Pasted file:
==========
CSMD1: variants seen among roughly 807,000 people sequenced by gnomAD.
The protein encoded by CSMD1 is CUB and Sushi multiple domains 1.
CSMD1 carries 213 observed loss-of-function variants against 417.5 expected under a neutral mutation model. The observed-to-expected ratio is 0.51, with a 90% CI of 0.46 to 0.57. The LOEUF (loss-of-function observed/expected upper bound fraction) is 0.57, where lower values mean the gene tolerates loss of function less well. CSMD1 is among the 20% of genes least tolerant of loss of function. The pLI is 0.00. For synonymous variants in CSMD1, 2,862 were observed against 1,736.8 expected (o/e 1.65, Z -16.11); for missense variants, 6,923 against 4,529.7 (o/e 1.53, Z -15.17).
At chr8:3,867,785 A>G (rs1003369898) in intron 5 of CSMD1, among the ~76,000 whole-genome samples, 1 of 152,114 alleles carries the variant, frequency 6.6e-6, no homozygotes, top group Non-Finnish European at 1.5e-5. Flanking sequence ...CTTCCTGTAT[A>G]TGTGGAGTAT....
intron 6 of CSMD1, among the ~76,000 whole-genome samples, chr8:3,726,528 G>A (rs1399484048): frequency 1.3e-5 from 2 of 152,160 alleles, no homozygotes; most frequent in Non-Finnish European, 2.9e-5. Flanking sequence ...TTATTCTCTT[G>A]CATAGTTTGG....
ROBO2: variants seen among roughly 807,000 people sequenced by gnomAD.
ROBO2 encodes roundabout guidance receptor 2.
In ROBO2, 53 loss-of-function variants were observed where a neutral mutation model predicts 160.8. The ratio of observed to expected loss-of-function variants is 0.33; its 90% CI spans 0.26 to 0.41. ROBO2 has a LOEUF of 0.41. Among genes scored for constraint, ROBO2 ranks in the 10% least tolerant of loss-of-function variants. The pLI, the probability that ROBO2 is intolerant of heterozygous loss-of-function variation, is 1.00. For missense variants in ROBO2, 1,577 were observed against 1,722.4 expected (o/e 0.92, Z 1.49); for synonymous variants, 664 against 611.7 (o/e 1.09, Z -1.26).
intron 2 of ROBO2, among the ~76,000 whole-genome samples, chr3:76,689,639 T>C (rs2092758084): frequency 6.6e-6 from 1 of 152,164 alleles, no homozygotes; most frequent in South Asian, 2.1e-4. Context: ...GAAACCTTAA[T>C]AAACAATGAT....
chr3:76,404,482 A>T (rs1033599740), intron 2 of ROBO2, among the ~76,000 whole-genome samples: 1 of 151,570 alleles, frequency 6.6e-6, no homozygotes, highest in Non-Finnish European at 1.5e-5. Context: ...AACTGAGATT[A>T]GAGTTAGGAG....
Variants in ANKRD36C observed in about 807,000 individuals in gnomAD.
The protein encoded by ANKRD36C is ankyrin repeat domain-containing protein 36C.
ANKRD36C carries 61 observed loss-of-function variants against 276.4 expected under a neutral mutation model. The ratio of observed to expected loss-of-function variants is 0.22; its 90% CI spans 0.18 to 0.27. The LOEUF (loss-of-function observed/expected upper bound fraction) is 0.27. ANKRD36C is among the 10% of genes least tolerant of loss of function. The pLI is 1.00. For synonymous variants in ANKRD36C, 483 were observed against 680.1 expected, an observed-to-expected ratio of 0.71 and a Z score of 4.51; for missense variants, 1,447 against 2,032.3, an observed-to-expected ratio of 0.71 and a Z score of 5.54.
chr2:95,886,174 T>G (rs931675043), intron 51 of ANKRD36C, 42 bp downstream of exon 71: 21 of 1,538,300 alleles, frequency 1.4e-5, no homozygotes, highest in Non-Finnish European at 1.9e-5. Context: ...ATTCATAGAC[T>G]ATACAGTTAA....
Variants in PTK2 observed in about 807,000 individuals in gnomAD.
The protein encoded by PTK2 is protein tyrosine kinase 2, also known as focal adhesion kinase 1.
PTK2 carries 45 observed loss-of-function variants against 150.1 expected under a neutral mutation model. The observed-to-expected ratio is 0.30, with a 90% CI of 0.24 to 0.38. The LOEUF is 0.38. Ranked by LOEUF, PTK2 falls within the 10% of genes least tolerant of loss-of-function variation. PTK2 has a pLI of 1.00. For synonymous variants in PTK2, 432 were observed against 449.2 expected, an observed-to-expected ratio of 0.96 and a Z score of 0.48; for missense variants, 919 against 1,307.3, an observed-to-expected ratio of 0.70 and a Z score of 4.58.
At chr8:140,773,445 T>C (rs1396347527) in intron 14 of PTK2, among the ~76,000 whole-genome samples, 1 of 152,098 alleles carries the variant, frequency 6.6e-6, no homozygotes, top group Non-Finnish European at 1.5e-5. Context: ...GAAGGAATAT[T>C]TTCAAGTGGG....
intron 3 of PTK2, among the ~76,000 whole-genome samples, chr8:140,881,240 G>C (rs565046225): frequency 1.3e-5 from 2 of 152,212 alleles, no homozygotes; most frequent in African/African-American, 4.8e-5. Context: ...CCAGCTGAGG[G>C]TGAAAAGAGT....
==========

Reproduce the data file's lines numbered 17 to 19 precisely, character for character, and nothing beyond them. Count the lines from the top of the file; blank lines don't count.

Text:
PTK2 carries 45 observed loss-of-function variants against 150.1 expected under a neutral mutation model. The observed-to-expected ratio is 0.30, with a 90% CI of 0.24 to 0.38. The LOEUF is 0.38. Ranked by LOEUF, PTK2 falls within the 10% of genes least tolerant of loss-of-function variation. PTK2 has a pLI of 1.00. For synonymous variants in PTK2, 432 were observed against 449.2 expected, an observed-to-expected ratio of 0.96 and a Z score of 0.48; for missense variants, 919 against 1,307.3, an observed-to-expected ratio of 0.70 and a Z score of 4.58.
At chr8:140,773,445 T>C (rs1396347527) in intron 14 of PTK2, among the ~76,000 whole-genome samples, 1 of 152,098 alleles carries the variant, frequency 6.6e-6, no homozygotes, top group Non-Finnish European at 1.5e-5. Context: ...GAAGGAATAT[T>C]TTCAAGTGGG....
intron 3 of PTK2, among the ~76,000 whole-genome samples, chr8:140,881,240 G>C (rs565046225): frequency 1.3e-5 from 2 of 152,212 alleles, no homozygotes; most frequent in African/African-American, 4.8e-5. Context: ...CCAGCTGAGG[G>C]TGAAAAGAGT....